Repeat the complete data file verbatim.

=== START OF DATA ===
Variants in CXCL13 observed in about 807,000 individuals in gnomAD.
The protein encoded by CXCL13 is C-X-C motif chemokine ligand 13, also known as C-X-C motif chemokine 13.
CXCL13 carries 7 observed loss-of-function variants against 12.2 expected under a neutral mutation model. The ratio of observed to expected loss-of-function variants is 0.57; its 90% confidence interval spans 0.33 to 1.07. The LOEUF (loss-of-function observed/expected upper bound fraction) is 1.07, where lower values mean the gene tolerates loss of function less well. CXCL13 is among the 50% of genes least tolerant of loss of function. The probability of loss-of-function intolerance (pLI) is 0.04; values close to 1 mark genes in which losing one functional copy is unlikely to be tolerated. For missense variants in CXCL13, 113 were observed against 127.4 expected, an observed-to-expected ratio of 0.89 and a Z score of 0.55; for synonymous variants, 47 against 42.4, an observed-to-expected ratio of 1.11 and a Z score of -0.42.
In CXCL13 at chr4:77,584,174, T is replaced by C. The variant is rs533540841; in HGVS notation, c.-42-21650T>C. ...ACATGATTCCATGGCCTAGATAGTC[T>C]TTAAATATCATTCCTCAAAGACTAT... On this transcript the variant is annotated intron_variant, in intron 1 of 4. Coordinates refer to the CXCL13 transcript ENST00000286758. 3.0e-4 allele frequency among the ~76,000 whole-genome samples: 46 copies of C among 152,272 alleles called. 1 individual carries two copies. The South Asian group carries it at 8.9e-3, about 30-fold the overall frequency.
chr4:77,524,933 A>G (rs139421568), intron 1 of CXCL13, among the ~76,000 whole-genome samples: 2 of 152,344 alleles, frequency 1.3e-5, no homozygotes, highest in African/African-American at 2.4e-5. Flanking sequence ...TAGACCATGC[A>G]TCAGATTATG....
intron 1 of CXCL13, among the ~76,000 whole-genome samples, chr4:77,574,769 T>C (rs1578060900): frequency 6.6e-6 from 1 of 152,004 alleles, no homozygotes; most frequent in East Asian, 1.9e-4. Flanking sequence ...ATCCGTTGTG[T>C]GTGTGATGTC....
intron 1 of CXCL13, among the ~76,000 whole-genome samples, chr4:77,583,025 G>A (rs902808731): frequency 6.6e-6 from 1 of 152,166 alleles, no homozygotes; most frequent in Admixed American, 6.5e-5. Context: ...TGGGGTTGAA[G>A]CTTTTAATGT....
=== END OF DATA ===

Variants in CXCL13 observed in about 807,000 individuals in gnomAD.
The protein encoded by CXCL13 is C-X-C motif chemokine ligand 13, also known as C-X-C motif chemokine 13.
CXCL13 carries 7 observed loss-of-function variants against 12.2 expected under a neutral mutation model. The ratio of observed to expected loss-of-function variants is 0.57; its 90% confidence interval spans 0.33 to 1.07. The LOEUF (loss-of-function observed/expected upper bound fraction) is 1.07, where lower values mean the gene tolerates loss of function less well. CXCL13 is among the 50% of genes least tolerant of loss of function. The probability of loss-of-function intolerance (pLI) is 0.04; values close to 1 mark genes in which losing one functional copy is unlikely to be tolerated. For missense variants in CXCL13, 113 were observed against 127.4 expected, an observed-to-expected ratio of 0.89 and a Z score of 0.55; for synonymous variants, 47 against 42.4, an observed-to-expected ratio of 1.11 and a Z score of -0.42.
In CXCL13 at chr4:77,584,174, T is replaced by C. The variant is rs533540841; in HGVS notation, c.-42-21650T>C. ...ACATGATTCCATGGCCTAGATAGTC[T>C]TTAAATATCATTCCTCAAAGACTAT... On this transcript the variant is annotated intron_variant, in intron 1 of 4. Coordinates refer to the CXCL13 transcript ENST00000286758. 3.0e-4 allele frequency among the ~76,000 whole-genome samples: 46 copies of C among 152,272 alleles called. 1 individual carries two copies. The South Asian group carries it at 8.9e-3, about 30-fold the overall frequency.
chr4:77,524,933 A>G (rs139421568), intron 1 of CXCL13, among the ~76,000 whole-genome samples: 2 of 152,344 alleles, frequency 1.3e-5, no homozygotes, highest in African/African-American at 2.4e-5. Flanking sequence ...TAGACCATGC[A>G]TCAGATTATG....
intron 1 of CXCL13, among the ~76,000 whole-genome samples, chr4:77,574,769 T>C (rs1578060900): frequency 6.6e-6 from 1 of 152,004 alleles, no homozygotes; most frequent in East Asian, 1.9e-4. Flanking sequence ...ATCCGTTGTG[T>C]GTGTGATGTC....
intron 1 of CXCL13, among the ~76,000 whole-genome samples, chr4:77,583,025 G>A (rs902808731): frequency 6.6e-6 from 1 of 152,166 alleles, no homozygotes; most frequent in Admixed American, 6.5e-5. Context: ...TGGGGTTGAA[G>A]CTTTTAATGT....